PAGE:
One of the latest new products from Jason Wilbur’s eponymous “Wilbur” watch brand is the EXP — and it is probably his best-done daily-wear timepiece yet. When it comes to this particular design concept, it appears that the third time is a charm. Jason Wilbur has been working on this concept for over a decade now. Back in 2013, I reviewed a watch he designed for 2XIST, which was the first glimpse of this concept in the form of a relatively affordable fashion watch known as the “New York City.” Jason later went on to launch his own brand known as Wilbur, and the first product to launch was the 2020 Automatic Launch Edition JWA that I reviewed on aBlogtoWatch here. Now, in 2022, Wilbur features yet another variation on the same theme as the JWA, but improved. The price has gone up, but so has the quality, components, and sheer wearability of this futuristic tool-style watch. According to Jason Wilbur himself, the EXP is not just a scaled-down version of the previous model but re-engineered in all ways and improved from a components and manufacturing perspective.

The two launch-edition versions of the Wilbur EXP are the Battleship Gray Steel and the Ceramic Steel Blue (the names could use some work, that’s true). Both are limited editions, but the Ceramic Steel Blue is more expensive given some of the materials used and because it will be produced in much lower numbers. It is very plausible that future color variations on the Wilbur EXP will present additional material options, with future versions of the watch already planned at Wilbur.

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At a glance, the Wilbur JWA and EXP watches are very similar. It is true that they share the same overall case profile (though different sizes), and the dials are similar. The primary difference between the JWA and the EXP is that the latter is a smaller and more wearable watch (a 41.5mm-wide square versus a 44mm-wide square) and that the EXP contains a base Swiss Made, versus Japanese, automatic movement. Jason himself likes larger watches but concedes that his tastes don’t reflect those of large parts of the market. The 44mm-wide version of this case design was just too large for many wrists and, at 41.5mm-wide square and 14.7mm-thick, the EXP is still not exactly small. Note that 41.5mm is just the size of the bezel and that the EXP wears more like a 45mm wide case (plus the crown). For me, the size works perfectly and offers the sensation of a really large watch without extending past the edges of my wrist. I also want to add that the EXP’s case construction is better and also has more refined edges that are less sharp-feeling to the fingers. Despite the edgy look of the case, this is a pleasant watch to touch and run your fingers over.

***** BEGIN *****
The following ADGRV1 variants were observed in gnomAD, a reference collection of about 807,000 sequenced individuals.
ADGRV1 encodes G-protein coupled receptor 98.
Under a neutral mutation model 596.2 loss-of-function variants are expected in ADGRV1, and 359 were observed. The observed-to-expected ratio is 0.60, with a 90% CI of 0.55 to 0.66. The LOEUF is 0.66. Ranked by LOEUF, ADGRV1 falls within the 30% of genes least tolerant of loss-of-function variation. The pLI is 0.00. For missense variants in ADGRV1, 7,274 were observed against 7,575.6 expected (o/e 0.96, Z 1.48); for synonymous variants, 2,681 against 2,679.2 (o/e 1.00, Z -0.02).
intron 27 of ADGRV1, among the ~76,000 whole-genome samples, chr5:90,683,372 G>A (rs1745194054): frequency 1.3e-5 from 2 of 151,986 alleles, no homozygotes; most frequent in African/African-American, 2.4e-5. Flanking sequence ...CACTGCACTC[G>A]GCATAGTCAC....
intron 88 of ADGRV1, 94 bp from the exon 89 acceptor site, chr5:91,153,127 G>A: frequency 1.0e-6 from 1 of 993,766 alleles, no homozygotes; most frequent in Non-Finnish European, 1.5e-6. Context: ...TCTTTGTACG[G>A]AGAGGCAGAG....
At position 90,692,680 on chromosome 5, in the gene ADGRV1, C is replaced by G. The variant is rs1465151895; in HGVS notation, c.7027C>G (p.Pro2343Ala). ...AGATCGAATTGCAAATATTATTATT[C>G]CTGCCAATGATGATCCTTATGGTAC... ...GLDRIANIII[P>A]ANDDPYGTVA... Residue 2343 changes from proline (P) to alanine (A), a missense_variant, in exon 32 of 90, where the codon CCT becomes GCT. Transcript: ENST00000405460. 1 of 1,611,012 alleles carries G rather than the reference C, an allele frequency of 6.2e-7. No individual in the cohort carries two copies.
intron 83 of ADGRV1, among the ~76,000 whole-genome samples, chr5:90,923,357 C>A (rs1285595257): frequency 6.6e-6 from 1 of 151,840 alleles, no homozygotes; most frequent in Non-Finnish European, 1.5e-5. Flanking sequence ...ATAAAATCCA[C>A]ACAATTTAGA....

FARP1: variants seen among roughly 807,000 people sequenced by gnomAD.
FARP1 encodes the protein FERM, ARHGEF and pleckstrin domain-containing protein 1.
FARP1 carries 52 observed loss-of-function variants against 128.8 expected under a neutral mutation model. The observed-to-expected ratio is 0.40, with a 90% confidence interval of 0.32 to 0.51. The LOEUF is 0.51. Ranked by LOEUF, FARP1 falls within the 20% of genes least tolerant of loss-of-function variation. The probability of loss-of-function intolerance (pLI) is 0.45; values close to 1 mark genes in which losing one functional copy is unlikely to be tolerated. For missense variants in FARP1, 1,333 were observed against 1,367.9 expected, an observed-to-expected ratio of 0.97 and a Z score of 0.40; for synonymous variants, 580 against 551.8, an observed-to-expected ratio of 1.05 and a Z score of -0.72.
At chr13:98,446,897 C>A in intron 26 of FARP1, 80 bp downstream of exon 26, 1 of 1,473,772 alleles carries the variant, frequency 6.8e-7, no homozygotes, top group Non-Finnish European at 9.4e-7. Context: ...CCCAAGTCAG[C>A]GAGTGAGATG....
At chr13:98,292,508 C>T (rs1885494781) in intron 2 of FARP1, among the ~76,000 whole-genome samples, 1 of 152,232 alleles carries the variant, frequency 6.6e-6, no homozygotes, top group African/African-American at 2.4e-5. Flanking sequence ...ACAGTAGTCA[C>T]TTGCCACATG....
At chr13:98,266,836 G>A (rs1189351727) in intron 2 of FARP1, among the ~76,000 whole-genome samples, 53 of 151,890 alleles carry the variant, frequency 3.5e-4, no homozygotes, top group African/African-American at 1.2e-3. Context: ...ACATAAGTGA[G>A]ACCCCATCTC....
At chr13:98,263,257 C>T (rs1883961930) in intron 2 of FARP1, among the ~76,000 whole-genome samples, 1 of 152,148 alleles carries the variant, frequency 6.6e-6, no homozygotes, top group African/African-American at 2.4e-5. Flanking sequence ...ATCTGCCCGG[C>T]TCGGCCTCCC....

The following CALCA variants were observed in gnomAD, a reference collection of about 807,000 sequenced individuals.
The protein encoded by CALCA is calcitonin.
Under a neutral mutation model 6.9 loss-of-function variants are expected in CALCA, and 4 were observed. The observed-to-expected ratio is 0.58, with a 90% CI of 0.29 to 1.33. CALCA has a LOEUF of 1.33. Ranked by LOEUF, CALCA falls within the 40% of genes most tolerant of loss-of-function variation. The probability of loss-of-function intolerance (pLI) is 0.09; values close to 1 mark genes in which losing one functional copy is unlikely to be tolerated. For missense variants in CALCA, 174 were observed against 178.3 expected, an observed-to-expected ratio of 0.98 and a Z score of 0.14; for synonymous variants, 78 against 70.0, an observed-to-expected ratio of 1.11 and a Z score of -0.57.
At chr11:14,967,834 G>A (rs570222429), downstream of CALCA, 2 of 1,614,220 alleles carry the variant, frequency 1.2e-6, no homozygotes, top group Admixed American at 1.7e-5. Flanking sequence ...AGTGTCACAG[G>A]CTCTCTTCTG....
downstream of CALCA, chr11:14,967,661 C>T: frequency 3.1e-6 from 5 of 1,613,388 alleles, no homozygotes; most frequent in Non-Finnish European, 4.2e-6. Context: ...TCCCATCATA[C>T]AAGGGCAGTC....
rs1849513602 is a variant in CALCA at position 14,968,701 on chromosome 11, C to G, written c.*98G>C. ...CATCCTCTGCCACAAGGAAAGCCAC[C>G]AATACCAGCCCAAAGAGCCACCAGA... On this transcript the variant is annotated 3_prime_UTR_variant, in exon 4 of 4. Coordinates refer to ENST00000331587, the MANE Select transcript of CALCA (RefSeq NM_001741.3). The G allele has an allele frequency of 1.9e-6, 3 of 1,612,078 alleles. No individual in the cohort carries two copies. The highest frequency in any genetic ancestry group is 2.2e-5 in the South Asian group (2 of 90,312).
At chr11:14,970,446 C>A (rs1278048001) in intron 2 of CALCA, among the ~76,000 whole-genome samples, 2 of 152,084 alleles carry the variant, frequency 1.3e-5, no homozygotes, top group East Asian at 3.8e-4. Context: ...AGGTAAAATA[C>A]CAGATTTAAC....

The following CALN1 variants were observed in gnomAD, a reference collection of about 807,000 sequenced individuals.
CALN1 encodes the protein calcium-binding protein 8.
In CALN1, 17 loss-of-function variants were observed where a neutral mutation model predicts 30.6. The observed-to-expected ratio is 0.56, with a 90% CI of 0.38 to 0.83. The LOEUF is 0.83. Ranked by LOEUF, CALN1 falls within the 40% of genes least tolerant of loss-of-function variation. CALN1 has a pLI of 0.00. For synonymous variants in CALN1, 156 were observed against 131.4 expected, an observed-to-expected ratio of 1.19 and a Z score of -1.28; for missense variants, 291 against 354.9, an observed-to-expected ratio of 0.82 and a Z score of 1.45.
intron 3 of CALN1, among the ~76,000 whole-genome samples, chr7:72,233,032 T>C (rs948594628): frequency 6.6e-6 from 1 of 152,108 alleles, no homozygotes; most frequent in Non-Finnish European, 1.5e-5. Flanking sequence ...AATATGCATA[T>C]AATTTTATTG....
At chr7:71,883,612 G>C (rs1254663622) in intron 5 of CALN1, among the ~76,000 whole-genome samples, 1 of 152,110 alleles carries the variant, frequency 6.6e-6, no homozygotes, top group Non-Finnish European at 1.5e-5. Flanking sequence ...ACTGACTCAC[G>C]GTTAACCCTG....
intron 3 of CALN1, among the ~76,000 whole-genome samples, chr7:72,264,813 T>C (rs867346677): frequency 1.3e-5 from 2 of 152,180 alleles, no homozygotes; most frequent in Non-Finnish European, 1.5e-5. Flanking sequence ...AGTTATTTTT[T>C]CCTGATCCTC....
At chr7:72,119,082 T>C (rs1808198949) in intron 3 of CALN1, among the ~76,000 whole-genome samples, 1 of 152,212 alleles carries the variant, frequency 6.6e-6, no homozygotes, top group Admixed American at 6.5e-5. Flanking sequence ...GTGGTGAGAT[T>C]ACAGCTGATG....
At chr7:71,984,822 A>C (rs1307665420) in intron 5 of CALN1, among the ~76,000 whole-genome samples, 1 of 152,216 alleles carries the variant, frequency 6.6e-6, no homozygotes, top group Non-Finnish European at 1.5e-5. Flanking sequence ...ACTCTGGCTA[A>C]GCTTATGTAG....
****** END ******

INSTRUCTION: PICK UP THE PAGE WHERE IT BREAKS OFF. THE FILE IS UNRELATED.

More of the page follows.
The concept of the watch, in general, is to offer an exoskeleton-like case with the sensation of the movement being suspended within it. This looks better than ever with some supports holding the circular movement container with the overall case feeling more like an architected support structure, versus a traditional timepiece case, given all the skeletonization and “see-through” features. The case materials are slightly different between these two models, even though they appear to be very similar. The Battleship Gray Steel case uses dark gray-coated steel for most of the case, with matte-black finished steel for the case middle. The Ceramic Steel Blue, however, uses naturally polished steel for most of the case and a black ceramic middle section (which looks the same as the black steel component on the other version). There are also apparently some other special supports in the Ceramic Steel Blue model that hold the case together. Both versions of the EXP case are water resistant to 50 meters and have sapphire crystals over the dial and caseback.